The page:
Verduzco v. Ford Motor Company, et al.

Filing 15

FINDINGS and RECOMMENDATIONS to Remand Case to Stanislaus Superior Court [Doc. 10]. Referred to Judge O'Neill; Objections to F&R due within 14 days of service of this recommendation. signed by Magistrate Judge Barbara A. McAuliffe on 10/22/2013. (Herman, H)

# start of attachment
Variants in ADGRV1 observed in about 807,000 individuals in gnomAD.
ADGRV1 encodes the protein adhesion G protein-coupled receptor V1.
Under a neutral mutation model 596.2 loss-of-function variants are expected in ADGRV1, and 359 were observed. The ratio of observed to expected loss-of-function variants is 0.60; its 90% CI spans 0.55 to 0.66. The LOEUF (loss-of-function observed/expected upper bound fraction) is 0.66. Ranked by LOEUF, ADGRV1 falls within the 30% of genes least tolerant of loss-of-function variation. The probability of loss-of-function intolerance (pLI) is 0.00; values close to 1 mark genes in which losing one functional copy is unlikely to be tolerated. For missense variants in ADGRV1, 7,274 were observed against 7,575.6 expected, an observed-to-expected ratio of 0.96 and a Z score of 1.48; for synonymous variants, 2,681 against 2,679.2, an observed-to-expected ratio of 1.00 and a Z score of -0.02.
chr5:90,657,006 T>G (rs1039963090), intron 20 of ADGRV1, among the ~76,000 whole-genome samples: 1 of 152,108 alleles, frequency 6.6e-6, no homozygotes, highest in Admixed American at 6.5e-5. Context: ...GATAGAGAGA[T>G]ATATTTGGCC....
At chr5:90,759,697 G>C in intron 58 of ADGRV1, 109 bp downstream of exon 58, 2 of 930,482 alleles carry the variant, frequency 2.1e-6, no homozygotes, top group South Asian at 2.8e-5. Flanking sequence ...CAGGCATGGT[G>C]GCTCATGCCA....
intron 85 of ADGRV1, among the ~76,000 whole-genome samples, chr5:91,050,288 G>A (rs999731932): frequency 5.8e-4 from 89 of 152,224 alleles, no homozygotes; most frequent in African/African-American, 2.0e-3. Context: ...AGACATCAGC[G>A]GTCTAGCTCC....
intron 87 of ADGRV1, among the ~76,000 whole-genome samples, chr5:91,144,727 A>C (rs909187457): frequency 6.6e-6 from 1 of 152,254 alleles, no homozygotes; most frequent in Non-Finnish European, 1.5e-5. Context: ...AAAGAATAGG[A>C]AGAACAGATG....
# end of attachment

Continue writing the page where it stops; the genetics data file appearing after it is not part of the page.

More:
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1 2 3 4 5 6 7 UNITED STATES DISTRICT COURT 8 FOR THE EASTERN DISTRICT OF CALIFORNIA 9 10 IRVING VERDUZCO, 11 Plaintiff, 12 13 14 Case No. 1: 13-cv-01437-LJO-BAM FINDINGS & RECOMENDATIONS TO REMAND CASE TO STANISLAUS SUPERIOR COURT v. FORD MOTOR COMPANY, et al., Defendants. 15 16 / 17 18 I. INTRODUCTION 19 This action arises from a May 19, 2000 motor vehicle accident wherein a 1999 Ford Explorer 20 struck the rear end of a 1993 Ford Taurus. Plaintiff Irving Verduzco was a passenger in the Taurus at 21 the time of the crash and had no relationship with any of the owners, occupants or driver of the 22 Explorer. Plaintiff sued the drivers of both vehicles under negligence theories, and on February 23, 23 2001, the San Joaquin Superior Court approved a settlement between these parties. 24 Plaintiff initiated this action against Defendants Ford Motor Company and Heritage Ford, Inc. 25 (the seller of the Explorer) on May 8, 2007 in the County of Stanislaus Superior Court. Defendant 26 Ford was served with the complaint on July 20, 2007. (Doc. 1.) Plaintiff alleges the Defendants are 27 liable for the May 19, 2000 accident under theories of general negligence and product liability. (Doc. 28 1, Attach. 1.) After several continuances, a trial was set for September 10, 2013. After the case had 1 1 been pending for six years and on the eve of trial, Defendants removed this action to this Court on 2 September 9, 2013. (Doc. 1.) Defendants claim removal is proper pursuant to 28 U.S.C. § 1441, and that this Court has 3 4 diversity jurisdiction pursuant to 28 U.S.C. § 1332. Plaintiff is a resident of Stanislaus County, in the 5 State of California. Defendant Ford Motor Company is a corporation incorporated under the laws of 6 the State of Delaware, having its principal place of business in the State of Michigan. The parties do 7 not specify Defendant Heritage’s place of incorporation or principle place of business, but the parties’ 8 briefing demonstrates their agreement that Heritage is a resident of California for diversity purposes. Ford contends that diversity jurisdiction exists in this action under the doctrine of fraudulent 9 10 joinder. Specifically, Ford alleges that the joinder of Heritage was fraudulent because Plaintiff lacks a 11 reasonable basis to support his claims against Heritage. Accordingly, Heritage’s citizenship is 12 disregarded in determining whether this Court has subject matter jurisdiction under 28 U.S.C. § 1332. 13 Ford also claims it could not have removed this case earlier, because it was not until September 6, 14 2013, that Ford learned Plaintiff was abandoning his claims against Heritage; thus, confirming Ford’s 15 suspicion that Heritage was fraudulently joined to prevent removal. On September 13, 2013, Plaintiff filed a motion to remand to Stanislaus Superior Court. (Doc. 16 17 10.) Plaintiff argues that even if Heritage was fraudulently joined (which Plaintiff disputes), removal 18 was improper because it was not filed timely under 28 U.S.C. § 1446. Ford filed its opposition on 19 September 27, 2013. (Doc. 11.) Plaintiff filed his reply brief on October 11, 2013. (Doc. 13.) The 20 Court found the matter suitable for decision without oral argument pursuant to Local Rule 230(g) and 21 vacated the hearing set for October 18, 2013. (Doc. 14.) Having carefully considered the parties’ 22 submissions and the entire record in this case, the Court recommends this case be remanded to 23 Stanislaus Superior Court. 24 25 26 27 28 /././ 2 II. 1 2 3 A. DISCUSSION Legal Standard on Motion to Remand Federal courts have original jurisdiction of all civil actions where the matter in controversy 4 exceeds $75,000, exclusive of interest and costs, and is between citizens of different states. 28 U.S.C. 5 § 1332. Proper jurisdiction under Section 1332 requires complete diversity, so each plaintiff must be 6 diverse from each defendant. Exxon Mobil Corp. v. Allapattah Servs., Inc., 545 U.S. 546, 553, 125 7 S.Ct. 2611, 162 L.Ed.2d 502 (2005). To protect the jurisdiction of state courts, removal jurisdiction 8 should be strictly construed in favor of remand. Harris v. Bankers Life and Cas. Co., 425 F.3d 689, 9 698 (9th Cir. 2005) (citing Shamrock Oil & Gas Corp. v. Sheets, 313 U.S. 100, 108-09, 61 S.Ct. 868, 10 85 L.Ed. 1214 (1941)). “Federal jurisdiction must be rejected if there is any doubt as to the right of 11 removal.” Gaus v. Miles, 980 F.2d 564, 566 (9th Cir. 1992) (internal citation omitted). “Th[is] ‘strong 12 presumption’ against removal jurisdiction means that the defendant always has the burden of 13 establishing that removal is proper.” Id. (internal citations omitted). 14 An exception to the requirement of complete diversity exists where a defendant has been 15 fraudulently joined to defeat diversity. Morris v. Princess Cruises, Inc., 236 F.3d 1061, 1067 (9th Cir. 16 2001). “If the plaintiff fails to state a cause of action against a resident defendant, and the failure is 17 obvious according to the settled rules of the state, the joinder of the resident defendant is deemed 18 fraudulent.” Hamilton Materials, Inc. v. Dow Chemical Corp., 494 F.3d 1203, 1206 (9th Cir. 2007) 19 (quoting McCabe v. General Foods Corp., 811 F.2d 1336, 1339 (9th Cir. 1987)). Where joinder is 20 deemed fraudulent, the defendant’s presence is ignored for the purposes of determining diversity. 21 Morris, 236 F.3d at 1067. The claim of fraudulent joinder must be supported by “clear and convincing 22 evidence.” Hamilton Materials, Inc., 494 F.3d at 1206. The party seeking removal bears a heavy 23 burden in proving that joinder of the in-state defendant is improper. Hunter v. Philip Morris USA, 582 24 F.3d 1039, 1044 (9th Cir. 2009). 25 As an initial matter, “[f]raudulent joinder is a term of art,” McCabe, 811 F.2d at 1339, and it 26 “does not require a finding of fraudulent intent,” Schwenn v. Sears, Roebuck & Co., 822 F.Supp. 1453, 27 1455 (D. Minn. 1993). Thus, rather than focusing on the “mental state” of the plaintiff, the fraudulent 28 3 1 joinder inquiry focuses on the validity of the legal theory being asserted against the non-diverse 2 defendant. Davis v. Prentiss Properties Ltd., Inc., 66 F. Supp. 2d 1112, 1114 (C.D. Cal. 1999). 3 In addressing the issue of fraudulent joinder, the Ninth Circuit looks to whether the facts in the 4 complaint would preclude the plaintiff’s recovery against the non-diverse defendant. See Morris, 236 5 F.3d. at 1067-68 (“abundantly obvious that [plaintiff] could not possibly prevail on her negligent 6 representation claim”). Courts in the Ninth Circuit must find that it is “indisputably clear” that the 7 plaintiff will be unable to state a cause of action against the non-diverse defendant in state court. See 8 Tahoe Keys Marina & Yacht, LLC v. Merkelback, No. 2:12-cv-02582-GEB-AC, 2013 WL 221510, at 9 *1 (E.D. Cal. Jan. 18, 2013). It is not for the court to determine if the plaintiff will prevail on the 10 merits of the claim, but to evaluate whether there is any possibility that the plaintiff may prevail. 11 Board of St. Mary’s Holy Apostolic Catholic Church of the East v. Addai, No. 1:12-cv-1448-AWI- 12 BAM, 2012 WL 4764411, at *2 (E.D. Cal. Oct. 5, 2012). If there is any possibility that the plaintiff 13 would be able to establish liability against the defendant the joinder is not fraudulent. Bear Valley 14 Family v. Bank Midwest, N.A., 2010 WL 3369600, at *2 (C.D. Cal. Aug. 23, 2010). The procedure and time limitations for removing a case are provided in Section 1446. The 15 16 applicable version of former Section 1446(b) provides: The notice of removal of a civil action or proceeding shall be filed within thirty days after the receipt by the defendant, through service or otherwise, of a copy of the initial pleading setting forth the claim for relief upon which such action or proceeding is based, or within thirty days after the service of summons upon the defendant if such initial pleading has then been filed in court and is not required to be served on the defendant, whichever period is shorter. 17 18 19 20 21 If the case stated by the initial pleading is not removable, a notice of removal may be filed within thirty days after receipt by the defendant, through service or otherwise, of a copy of an amended pleading, motion, order or other paper from which it may first be ascertained that the case is one which is or has become removable, except that a case may not be removed on the basis of jurisdiction conferred by section 1332 of this title more than 1 year after commencement of the action. 22 23 24 25 Ritchey v. Upjohn Drug Co., 139 F.3d 1313 (9th Cir. 1998), quoting 28 U.S.C. § 1446(b).1 26 27 1 28 The Court does not apply the current version of Section 1446. On December 7, 2011, Section 1446 was amended to include a “bad faith” exception to the one-year limitation on removal for claims that 4 1 Plaintiff’s Motion to Remand implicates both procedural and substantive aspects of removal. 2 Plaintiff argues Ford’s removal was not timely under Section 1446(b), and further argues this Court 3 lacks jurisdiction because this case presents claims between non-diverse parties. Ford responds there 4 is complete diversity because Heritage is fraudulently joined in this action, thus, Heritage is not 5 considered in the diversity analysis. Ford further argues that the doctrine of fraudulent joinder 6 abrogates the time limits on removal proscribed in Section 1446(b). Explained in greater detail below, 7 Ford’s removal is foreclosed by the time constraints of Section 1446(b) and, further, Ford has failed to 8 meet its burden of establishing Heritage is a sham defendant. 9 B. 10 Defendant’s Removal Was Not Timely Defendant argues that, under Ninth Circuit law and Section 1446, “if the only nondiverse 11 defendant was fraudulently joined, removal is proper whenever that becomes known – including on 12 the eve of trial.” Doc. 11, 1: 12-13. In other words, the time limits proscribed by Section 1446 are 13 inapplicable in cases of fraudulent joinder. Plaintiff responds that under Section 1446 and Ninth 14 Circuit authority, fraudulent joinder cases are treated as instances where the case was “initially 15 removable;” thus, Ford would have had thirty days from the date Ford was served with the complaint 16 to remove the case to federal court. Alternatively, Plaintiff argues, even if this case were not treated as 17 initially removable, Ford would have had to remove within one year of the case being filed. Plaintiff 18 additionally argues there are no judicially-created exceptions to the time limits proscribed by Section 19 1446. Both parties rely upon Ritchey v. Upjohn Drug Co., 139 F.3d 1313 (9th Cir. 1998) in support of 20 their respective positions. 21 In Ritchey, the plaintiff sued a drug manufacturer along with a non-diverse doctor and health 22 care entity. The Ritchey plaintiff filed the action on January 3, 1994, however, did not give notice of 23 24 25 26 27 28 were initially not removable. See, 28 U.S.C. § 1446(c) (“A case may not be removed under subsection (b)(3) on the basis of jurisdiction conferred by section 1332 more than 1 year after commencement of the action, unless the district court finds that the plaintiff has acted in bad faith in order to prevent a defendant from removing the action.”); see also, Federal Courts Jurisdiction and Venue Clarification Act of 2011, PL 112-63, December 7, 2011, 125 Stat 758. This amendment, however, does not apply to any cases “commenced” in state court prior to January 6, 2012. See, Id. at PL 112-63, December 7, 2011, 125 Stat 758, Sec. 205 (“The amendments made by this title … shall take effect upon the expiration of the 30-day period beginning on the date of the enactment of this Act [December 7, 2011].”) Ford agrees that the pre-December 7, 2011 version of Section 1446 applies to Ford’s Notice of Removal. Doc. 11, fn. 2. 5 1 the action to defendants until “sometime in December of 1995.” Id. at 1315. On January 29, 1996, 2 more than a year after the complaint was filed, the defendants removed the action to federal court 3 despite a lack of complete diversity, arguing fraudulent joinder.2 Id. The plaintiff challenged the 4 propriety of removal, arguing that removal was precluded by the time limitations of Section 1446(b). The starting point for Ritchey’s analysis was that Section 1446(b) contained two paragraphs 5 6 proscribing different time limits on removal depending on the circumstances. The first paragraph 7 permitted removal within thirty days of the complaint being served on the removing party. The 8 second paragraph permitted removal when the case was not initially removable; however, subsequent 9 developments make the case removable. Under the latter circumstance, removal is permitted within 10 one year of the case being filed. The plaintiff in Ritchey argued the one-year limitation applied to both 11 paragraphs. In other words, the Ritchey plaintiff argued that regardless of when service was affected, 12 the one-year limitation operated against all instances of removal – even if a complaint was not served 13 until after a year had passed since the case was filed. 14 The Ritchey court rejected plaintiff’s argument and found the one-year time limit on removal in 15 the second paragraph of Section 1446(b) did not infringe on a defendant’s right to remove within thirty 16 days of being served with a complaint: [T]he most sound reading of a sentence will refer its limiting clause back to the antecedent clause to which it is attached, and not to other paragraphs or sentences in the statute. See Pacificorp v. Bonneville Power Admin., 856 F.2d 94, 97 (9th Cir.1988). (“The date limitation ... refers directly back to the antecedent phrase....”); Zogbi v. Federated Dep't Store, 767 F.Supp. 1037, 1039 (C.D.Cal.1991) (“The general rule is that a qualifying phrase or clause only modifies that which immediately precedes it.”) 17 18 19 20 21 We see no reason to deviate from that mode of reading here. The first paragraph of § 1446(b) addresses a defendant's right to promptly remove when he is served. The second paragraph addresses a defendant's right to remove beyond the initial period of 30 days, if the case only becomes removable sometime after the initial commencement of the action. Only the latter type of removal is barred by the one-year exception. 22 23 24 25 Ritchey, 139 F.3d at 1316. 26 2 27 28 On appeal, the Ritchey plaintiff argued the case was not removed within the required thirty-day period. Id. at 1315, fn. 3. However, the Ninth Circuit held the plaintiff waived that issue by failing to timely raise it, and proceeded under the assumption that the defendants removed the case within thirty days of being served pursuant to Section 1446(b). Id. 6 1 Ritchey also discussed how other courts have determined the one-year limitation applies to 2 both paragraphs. Id. 1317. According to Ritchey, a misconstruction of Section 1446(b) led some 3 court to apply an equitable estoppel doctrine to permit removal after one year had passed because “[i]n 4 that way, [these courts] have attempted to ameliorate the fact that on their construction of § 1446(b), a 5 plaintiff need only file an action in state court and then wait one year before service, if he wishes to 6 deprive the defendant of the ability to remove under any circumstances.” Id. at 1318. However, by 7 concluding the first paragraph of Section 1446(b) was not susceptible to the one-year limitation, 8 Ritchey concluded such equitable exceptions were unnecessary. Id. 9 Once Ritchey concluded the one-year limitation did not apply to service of the initial pleading, 10 the question became “whether the action was removable under the first paragraph of § 1446(b), or to 11 put it another way, whether there was diversity jurisdiction based upon the initial pleading …” Id. at 12 1318. Ritchey noted that while “[t]he existence of diversity jurisdiction certainly does not appear on 13 the face of Ritchey's complaint[,]” defendants argued certain individuals “were fraudulently joined or 14 sham defendants.” Id. The Ritchey court agreed, concluding that the plaintiff had failed to state a 15 cause of action against the non-diverse defendants. Id. at 1319. Accordingly, Ritchey found removal 16 proper because the notice of removal was filed within thirty-days of the defendant being served with 17 the complaint containing fraudulently joined defendants. 18 Ford concludes that “under Ritchey, there is no one-year limit to removals under a fraudulent 19 joinder theory.” Doc. 11, 8: 15-16. While Ford correctly notes that under Ritchey the one-year 20 limitation proscribed in the second paragraph of Section 1446(b) does not apply to instances of 21 fraudulent joinder, Ford mistakenly suggests Ritchey eliminates the time constraints on removal 22 altogether. On the contrary, Ritchey applied the time constraints found in the first paragraph of Section 23 1446(b), which require an initially removable complaint be removed within thirty days of service. Id. 24 at 1318. The logic underlying this conclusion is straight-forward: under the fraudulent joinder 25 doctrine, sham defendants cannot destroy diversity for subject matter jurisdiction or removal purposes. 26 Thus, cases involving fraudulent joinder do not “become removable,” but rather, are “initially 27 removable.” Id. at 1316-19. Pursuant to Section 1446(b) and Ritchey, Ford was required to seek 28 removal within thirty days of being served with Plaintiff’s complaint. 7 1 Ford cites to several other cases that do not support its position. Ford cites United Computer 2 Systems, Inc. v. AT&T Corp., 298 F.3d 756 (9th Cir. 2002) for the proposition that “the thirty-day time 3 limits prescribed in Section 1446(b) will be ignored when removal is sought on the ground that some 4 defendants have been joined fraudulently to prevent removal.” United Computer Systems, however, 5 did not concern a circumstance where the removing defendant was served and failed to remove the 6 case within thirty days of service. Rather, United Computer Systems addressed the “first-served” rule, 7 where the removal period in a case involving multiple defendants commences with service on the first 8 party. Id. at 762. In United Computer Systems, the fraudulently joined defendant was first-served, and 9 the removing defendants had no notice of the action at that time. United Computer Systems held that 10 “[i]f the fraudulence of a defendant's joinder is irrelevant for purposes of determining diversity, and 11 there is no obligation to join such a defendant in a removal petition, there is no good reason why date 12 of service on a fraudulently joined defendant should commence the thirty-day time period for removal 13 under § 1446(b).” A contrary result “would encourage unfair litigation tactics,” because a plaintiff 14 could avoid removal by withholding service on diverse defendants for thirty days. Id. at 763. 15 Contrary to Ford’s reading, United Computer Systems does not eliminate the time limitations for 16 removal in cases of fraudulent joinder. Rather, United Computer Systems holds the time limitation 17 begins with service on a diverse defendant, rather than a fraudulently joined defendant. 18 Ford next cites to Boles v. Land Rover North America, 2012 WL 1997214 (N.D. Cal. 2012) 19 and asserts the Boles court found “fraudulent joinder and den[ied] remand following more than two 20 years into the case after Land Rover pointed out at CMF/ECF No. 5 that under Ritchey no one-year 21 limit applies to fraudulent joinder removals.” 22 Boles made no such finding. Boles did not discuss the one-year limit on removal, nor did 23 Boles conclude that under Ritchey the one-year limit is inapplicable to fraudulent joinder. Rather, 24 Boles found that the plaintiff had waived any defects in the notice of removal by failing to move to 25 remand within thirty-days. Id. at *2, fn. 3. Boles then went on to discuss the issue of fraudulent 26 joinder with respect to the court’s continuing subject matter jurisdiction, but not in the context of 27 whether removal was proper in the first instance. At that point, Boles relied upon Ritchey for the 28 common notion that a fraudulently joined defendant may be disregarded for purposes of determining 8 1 diversity. Id. at *2-3. Boles did not find that fraudulent joinder creates an exception to the time 2 limitations on removal. 3 Lastly, Ford cites to Roth v. CHA Hollywood Medical Center, L.P., 720 F.3d 1121, 1126 (9th 4 Cir. 2013), claiming the Ninth Circuit held that “where the one year limitation on removal under 28 5 U.S.C. § 1446 does not apply, such as in the CAFA context (just like with fraudulent joinder 6 removals), then a defendant can time a removal based on its own investigation whenever it likes, 7 including the ‘eve of trial in state court.’” Id. at 1126. 8 The Court disagrees with Ford’s reading of Roth. On the contrary, Roth recognized that the 9 only instance in which the time limitations of Section 1446(b) do not apply arise specifically in the 10 context of CAFA diversity cases because CAFA explicitly declined to impose such a time limit: 11 We discern one practical objection to our reading of §§ 1441 and 1446(b). It may be that in some diversity cases, defendants will be able to take advantage of the fact that neither the “initial pleading” nor any later document received from plaintiff triggers one of the two thirty-day periods. In such cases, defendants may sometimes be able to delay filing a notice of removal until it is strategically advantageous to do so. In a non-CAFA diversity case, the advantage gained through such gamesmanship is limited by the fact that a notice of removal must be filed, in any event, within one year of the commencement of the action. See 28 U.S.C. § 1446(c)(1). However, in a CAFA case, there is no such time limit. A CAFA case may be removed at any time, provided that neither of the two thirty-day periods under § 1446(b)(1) and (b)(3) has been triggered. See 28 U.S.C. 1453(b). 12 13 14 15 16 17 18 Roth, 720 F. 3d at 1126 (emphasis added); see also, 28 U.S.C. § 1453(b) (“A class action may 19 be removed to a district court of the United States in accordance with Section 1446 (except that 20 the 1-year limitation under Section 1446(c)(1) shall not apply) . . . .”). 21 Other district courts have interpreted Ninth Circuit precedent as this Court does: there are no 22 equitable exceptions to the time limits imposed under Section 1446(b). See, e.g., Blue v. Equifax Info. 23 Servs., LLC, C 06-06349 JSW, 2007 WL 602295 (N.D. Cal. 2007) (“The Ninth circuit has not 24 recognized an exception, the statute does not contain an exception, and the Ninth circuit narrowly 25 construes removal statutes against removal. As such, this Court will not recognize an exception to the 26 clear statutory language of 1446(b)”); Selman v. Pfizer, Inc., 11-cv-1400-HU, 2011 WL 6655354 (D. 27 Or. 2011) (“Ninth Circuit precedent suggests that their claim of fraudulent joinder should be time- 28 barred by the thirty-day limit set forth in Section 1446(b)’s first paragraph.”); see also, Bay Guardian 9 1 Co., Inc. v. Vill. Voice Media LLC, C 09-03833 JSW, 2010 WL 329962 (N.D. Cal. 2010). Thus, this 2 Court rejects Ford’s argument that there are no time limits for removing complaints containing 3 fraudulent joinder. Accordingly, this Court finds that Ford’s removal was not timely and the case should be 4 5 remanded. 6 C. 7 Ford Did Not Meet Its Burden To Demonstrate Fraudulent Joinder The Court has concluded Ford’s notice of removal is not timely and remand is proper. Thus, 8 the Court will not go into great detail discussing whether Heritage is a fraudulently joined defendant, 9 i.e., whether Plaintiff has “clearly” failed to state a claim against Heritage. It is notable, however, that 10 even if Ford’s removal were timely, Ford’s briefing effectively concedes that Heritage was not 11 fraudulently joined. 12 In a nutshell, Ford’s primary argument concerning its six-year delay in seeking removal is that 13 it was unaware Plaintiff lacked sufficient evidence to substantiate its claims against Heritage until 14 Plaintiff submitted pretrial filings revealing that Plaintiff would not be pursuing a claim against 15 Heritage. Doc. 11, 9: 11-14. Ford argues that until that time, it could not have removed this case 16 because Plaintiff pled a “colorable” claim for negligence against Heritage: 17 18 19 20 21 22 23 In short, the only possible claim against Heritage that had not been ruled out was one for Negligence . . . Plaintiff misses the fact that he had stated a negligence claim; a potentially valid claim for a used car sale if there were any modifications made or obvious defects that should have been discovered upon a reasonable inspection. The question remained whether Plaintiff had any evidentiary basis for these claims—that is, whether Plaintiff’s experts could identify any negligence such as a defect in the Explorer that Heritage should have discovered with a reasonable inspection, and which Plaintiff’s experts could causally connect to Plaintiff’s injuries. Given the fraudulent joinder standards, even though Plaintiff did not have a colorable strict liability claim, he still had, at that time, a potentially colorable negligence claim, (assuming an evidentiary basis). 24 25 Doc. 11, 12: 22-23; 14: 12-17 (emphasis added.) Ford suggests that Plaintiff’s lack of evidence to 26 substantiate its claims against Heritage, coupled with his subsequent decision to abandon claims 27 against Heritage, demonstrate Plaintiff never had any intent to prosecute claims against Heritage. 28 According to Ford, this circumstance reveals that Heritage was fraudulently joined. 10 Putting aside the sufficiency of Plaintiff’s claims against Heritage, Ford has failed to meet its 1 2 burden to demonstrate fraudulent joinder. Hamilton Materials, Inc., 494 F.3d at 1206 (the claim of 3 fraudulent joinder must be supported by “clear and convincing evidence.”) First, as a practical matter, 4 Ford’s concession that Plaintiff pled “colorable” claims for negligence effectively concedes Plaintiff 5 “stated a claim” against Heritage. NetVersant-Nat., Inc., 2007 WL 4326754 (N.D. Cal. 2007) (“The 6 fact that NetVersant concedes that Cava asserted a colorable, though weak, claim against Wainwright 7 up to the moment of adverse summary adjudication is significant”); see also, Rozier v. Corrections 8 Corp. of America, 2013 WL 4407492 (S.D. Cal. 2013) (“Courts generally apply a presumption against 9 fraudulent joinder.”) Second, Ford’s focus on “Plaintiff’s intent” to abandon his negligence claims against Heritage 10 11 at the last minute, or whether Plaintiff could develop sufficient evidence to support the negligence 12 claim is misplaced. The Ninth Circuit has repeatedly stated that joinder is fraudulent “[i]f the plaintiff 13 fails to state a cause of action against a resident defendant, and the failure is obvious according to the 14 settled rules of the state.” Mercado v. Allstate Ins. Co., 340 F.3d 824, 826 (9th Cir. 2003) (quoting 15 McCabe v. General Foods Corp., 811 F.2d 1336, 1339 (9th Cir. 1987)). In another formulation, courts 16 have stated that “[t]he standard is not whether plaintiffs will actually or even probably prevail on the 17 merits, but whether there is any possibility that they may do so.” Bellecci v. GTE Sprint Commc'ns. 18 Corp., 2003 WL 151538 at *3 (N.D. Cal. 2003) (citation omitted; emphasis added); see also Morris v. 19 Princess Cruises, Inc., 236 F.3d 1061, 1068 (9th Cir. 2001). It does not matter if Plaintiff’s claim is 20 weak, lacks sufficient evidence or if Plaintiff has no intention to actually litigate the claim.3 If there is 21 any possibility that the plaintiff could establish liability against the defendant, the joinder is not 22 23 24 25 26 27 28 3 Defendant cites several out-of-circuit authorities in support of its position that “[a] definitive indication that the plaintiff intends to abandon his action against a nondiverse defendant is key evidence allowing a fraudulent joinder removal.” Doc. 11, 6: 22-25, citing Rauch v. Rauch, 446 F. Supp. 2d 432 (D.S.C. 2006); Ramirez v. Michelin N.A., Inc., No. 07cv228, 2007 WL 2126635, at *3 (S.D. Tex. July 19, 2007); Aydell v. Sterns, 677 F. Supp. 877, 880 (M.D. La. 1988). These authorities, however, are contrary to the law of this Circuit. In the Ninth Circuit, the core inquiry is whether Plaintiff could establish liability against the non-diverse defendant under any theory, even if the plaintiff is not likely to do so. Bear Valley Family v. Bank Midwest, N.A., 2010 WL 3369600, at *2 (C.D. Cal. Aug. 23, 2010) 11 1 fraudulent. Bear Valley Family v. Bank Midwest, N.A., 2010 WL 3369600, at *2 (C.D. Cal. Aug. 23, 2 2010). Accordingly, Ford has not met its burden to demonstrate Heritage was fraudulently joined. 3 4 D. Attorney’s Fees 5 Plaintiff requests the costs and fees Plaintiff incurred as a result of Ford’s improper removal. A 6 court that remands a case to state court based on improper removal “may require payment of just costs 7 and any actual expenses, including attorney fees, incurred as a result of the removal.” 28 U.S.C. § 8 1447(c); Gardner v. UICI, 508 F.3d 559, 561 (9th Cir. 2007). “Absent unusual circumstances, courts 9 may award attorney's fees under § 1447(c) only where the removing party lacked an objectively 10 reasonable basis for seeking removal. Conversely, when an objectively reasonable basis exists, fees 11 should be denied.” Martin v. Franklin Capital Corp., 546 U.S. 132, 141, 126 S.Ct. 704, 163 L.Ed.2d 12 547 (2005). However, “bad faith need not be demonstrated” for a court to award fees and costs on 13 remand. Moore v. Permanente Medical Group, Inc., 981 F.2d 443, 448 (9th Cir. 1992). 14 The Court finds an award of fees and costs proper because Ford lacked an objectively 15 reasonable basis for removal. Ford cites, yet ignores, Ninth Circuit authority holding the core inquiry 16 under the fraudulent joinder doctrine is whether a plaintiff can conceivably state a claim against a non- 17 diverse defendant. Moreover, Ford concedes Plaintiff asserted colorable claims against Heritage. 18 Further, Ford stitched together an untenable argument concerning the timing of removal that is 19 unsupported by Ninth Circuit authorities. Thus, Ford lacked an objectively reasonable basis for 20 removal. 21 Further, Ford’s timing of removal – on the eve of trial, following six years of litigation – 22 strongly indicates Ford improperly sought removal to prolong this litigation. Thus, this Court also 23 finds that “unusual circumstances” justify an award of fees and costs. See Community First Credit 24 Union Inc. v. Chandler, 2010 WL 5088230 (N.D. Cal. 2010) (awarding fees and costs on remand 25 where “[t]he timing of the removal on the day of trial, as well as the complete baselessness of the 26 removal, demonstrate that defendant has acted in bad faith and to delay the state court action”); 27 Ciolino v. Ryan, 2003 WL 21556959 (N.D. Cal. 2003) (“the improper removal undoubtedly has had 28 the effect of postponing the trial of this action in state court, a fact on which at least one court has 12 1 based an award of fees and costs under section 1447(c),” citing Elsis v. Hertz Corp., 581 F. Supp. 604, 2 608 (E.D. N.Y. 1984) (finding that the “eve of trial removal served to delay timely litigation of this 3 matter”)); see also, Peabody v. Maud Van Cortland Hill Schrol Trust, 892 F.2d 772, 777 (9th 4 Cir.1989) (holding that a removal made for the transparent purpose of delaying an impending trial 5 “demonstrates a flagrant misuse of the judicial process”). 6 Plaintiff will be ordered to file an affidavit supporting its application for attorneys' fees and 7 costs relating only to the issue of fees and costs in opposing removal and seeking remand. See 28 8 U.S.C. 1447(c) (“An order remanding the case may require payment of just costs and any actual 9 expenses, including attorney fees, incurred as a result of the removal.”) The Court will retain 10 jurisdiction following remand to resolve the award of attorneys' fees and costs. Moore v. Permanente 11 Medical Group, Inc., 981 F.2d 443, 445 (9th Cir.1992) (district court may retain jurisdiction over 12 attorneys' fees issue after remand). RECOMMENDATIONS AND ORDER 13 14 For the reasons discussed above, this Court RECOMMENDS the following: 15 1. Superior Court of California, County of Stanislaus; 16 17 Plaintiff’s Motion to remand be GRANTED and this case be REMANDED to the 2. Plaintiff’s requests for fees and costs be GRANTED. No later than November 15, 18 2013, Plaintiff shall file an affidavit supporting his application for attorneys’ fees and 19 costs. Ford shall file an opposition no later than December 2, 2013, 2013. Plaintiff 20 shall file his reply no later than December 9, 2013. The Court will rule on the matter 21 without oral argument unless oral argument is deemed necessary after reviewing the 22 parties’ briefs. 23 These findings and recommendations are submitted to the district judge assigned to this action, 24 pursuant to Title 28 of the United States Code section 636(b)(1)(B) and this Court’s Local Rule 304. 25 Within fourteen (14) days of service of this recommendation, any party may file written objections to 26 these findings and recommendations with the Court and serve a copy on all parties. Such a document 27 should be captioned “Objections to Magistrate Judge’s Findings and Recommendations.” The district 28 judge will review the magistrate judge’s findings and recommendations pursuant to Title 28 of the 13 1 United States Code section 636(b)(1)(C). The parties are advised that failure to file objections within 2 the specified time may waive the right to appeal the district judge’s order. Martinez v. Ylst, 951 F.2d 3 1153 (9th Cir. 1991). 4 5 6 7 IT IS SO ORDERED. Dated: /s/ Barbara October 22, 2013 A. McAuliffe _ UNITED STATES MAGISTRATE JUDGE 8 9 10 11 12 13 14 15 16 17 18 19 20 21 22 23 24 25 26 27 28 14